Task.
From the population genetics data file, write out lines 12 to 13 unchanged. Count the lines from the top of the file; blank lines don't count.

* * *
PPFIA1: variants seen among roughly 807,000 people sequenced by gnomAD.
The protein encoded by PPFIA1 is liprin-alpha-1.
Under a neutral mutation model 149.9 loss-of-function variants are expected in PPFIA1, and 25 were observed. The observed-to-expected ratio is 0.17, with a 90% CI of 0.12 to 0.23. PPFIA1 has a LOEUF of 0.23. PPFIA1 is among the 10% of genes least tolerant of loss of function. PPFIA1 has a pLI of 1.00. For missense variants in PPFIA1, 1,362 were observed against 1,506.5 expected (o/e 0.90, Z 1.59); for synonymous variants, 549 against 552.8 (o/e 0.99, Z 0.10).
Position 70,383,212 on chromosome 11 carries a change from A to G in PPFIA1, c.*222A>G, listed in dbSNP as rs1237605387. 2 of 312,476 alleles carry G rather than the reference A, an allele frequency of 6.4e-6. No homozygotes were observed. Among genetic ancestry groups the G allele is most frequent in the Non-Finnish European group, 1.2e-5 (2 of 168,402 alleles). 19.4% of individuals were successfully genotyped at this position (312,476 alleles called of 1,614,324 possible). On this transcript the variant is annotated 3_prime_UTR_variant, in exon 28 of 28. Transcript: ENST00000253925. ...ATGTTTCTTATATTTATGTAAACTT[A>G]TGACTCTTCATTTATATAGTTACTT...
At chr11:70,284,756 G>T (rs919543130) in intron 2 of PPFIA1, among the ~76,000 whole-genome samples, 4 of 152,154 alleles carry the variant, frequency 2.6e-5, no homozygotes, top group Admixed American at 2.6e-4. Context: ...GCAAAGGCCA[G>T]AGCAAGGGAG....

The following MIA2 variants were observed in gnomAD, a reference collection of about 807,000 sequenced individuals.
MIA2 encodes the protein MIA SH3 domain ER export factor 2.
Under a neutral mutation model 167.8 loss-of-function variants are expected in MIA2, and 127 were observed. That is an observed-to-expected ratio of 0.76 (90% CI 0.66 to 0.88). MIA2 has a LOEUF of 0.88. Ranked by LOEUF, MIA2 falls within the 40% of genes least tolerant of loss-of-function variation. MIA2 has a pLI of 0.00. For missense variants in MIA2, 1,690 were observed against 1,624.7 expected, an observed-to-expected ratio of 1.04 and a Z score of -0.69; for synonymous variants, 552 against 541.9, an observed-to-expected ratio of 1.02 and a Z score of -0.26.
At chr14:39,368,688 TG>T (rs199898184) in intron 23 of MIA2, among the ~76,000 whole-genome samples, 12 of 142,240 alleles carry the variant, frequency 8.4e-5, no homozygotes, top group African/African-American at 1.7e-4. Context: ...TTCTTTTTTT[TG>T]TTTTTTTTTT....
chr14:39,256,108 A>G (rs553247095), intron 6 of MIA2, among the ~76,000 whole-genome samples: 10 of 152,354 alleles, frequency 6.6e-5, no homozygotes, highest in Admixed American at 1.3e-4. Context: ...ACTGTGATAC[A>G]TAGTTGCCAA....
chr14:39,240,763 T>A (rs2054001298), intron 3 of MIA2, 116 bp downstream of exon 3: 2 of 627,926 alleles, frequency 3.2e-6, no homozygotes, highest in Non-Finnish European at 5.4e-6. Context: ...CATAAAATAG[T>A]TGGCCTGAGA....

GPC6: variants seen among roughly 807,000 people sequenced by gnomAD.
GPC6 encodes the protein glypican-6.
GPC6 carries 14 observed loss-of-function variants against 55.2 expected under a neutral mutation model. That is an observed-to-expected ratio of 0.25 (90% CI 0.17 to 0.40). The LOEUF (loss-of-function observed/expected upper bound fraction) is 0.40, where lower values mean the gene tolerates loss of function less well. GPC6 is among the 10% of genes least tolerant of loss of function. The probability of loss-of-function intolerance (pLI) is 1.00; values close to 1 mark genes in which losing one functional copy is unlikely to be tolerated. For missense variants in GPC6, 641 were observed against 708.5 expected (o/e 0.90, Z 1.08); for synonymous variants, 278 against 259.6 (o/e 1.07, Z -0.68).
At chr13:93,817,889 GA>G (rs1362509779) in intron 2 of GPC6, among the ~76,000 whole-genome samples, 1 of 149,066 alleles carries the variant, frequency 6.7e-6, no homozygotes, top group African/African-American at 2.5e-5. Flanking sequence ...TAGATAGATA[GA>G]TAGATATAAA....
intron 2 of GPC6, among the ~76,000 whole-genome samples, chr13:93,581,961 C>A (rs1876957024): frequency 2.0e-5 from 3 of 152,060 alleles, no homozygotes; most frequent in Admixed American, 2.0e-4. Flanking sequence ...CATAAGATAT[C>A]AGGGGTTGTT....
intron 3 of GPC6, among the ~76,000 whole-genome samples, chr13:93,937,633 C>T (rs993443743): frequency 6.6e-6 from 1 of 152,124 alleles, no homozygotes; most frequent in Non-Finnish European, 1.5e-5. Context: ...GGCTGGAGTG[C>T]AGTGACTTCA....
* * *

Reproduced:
GPC6: variants seen among roughly 807,000 people sequenced by gnomAD.
GPC6 encodes the protein glypican-6.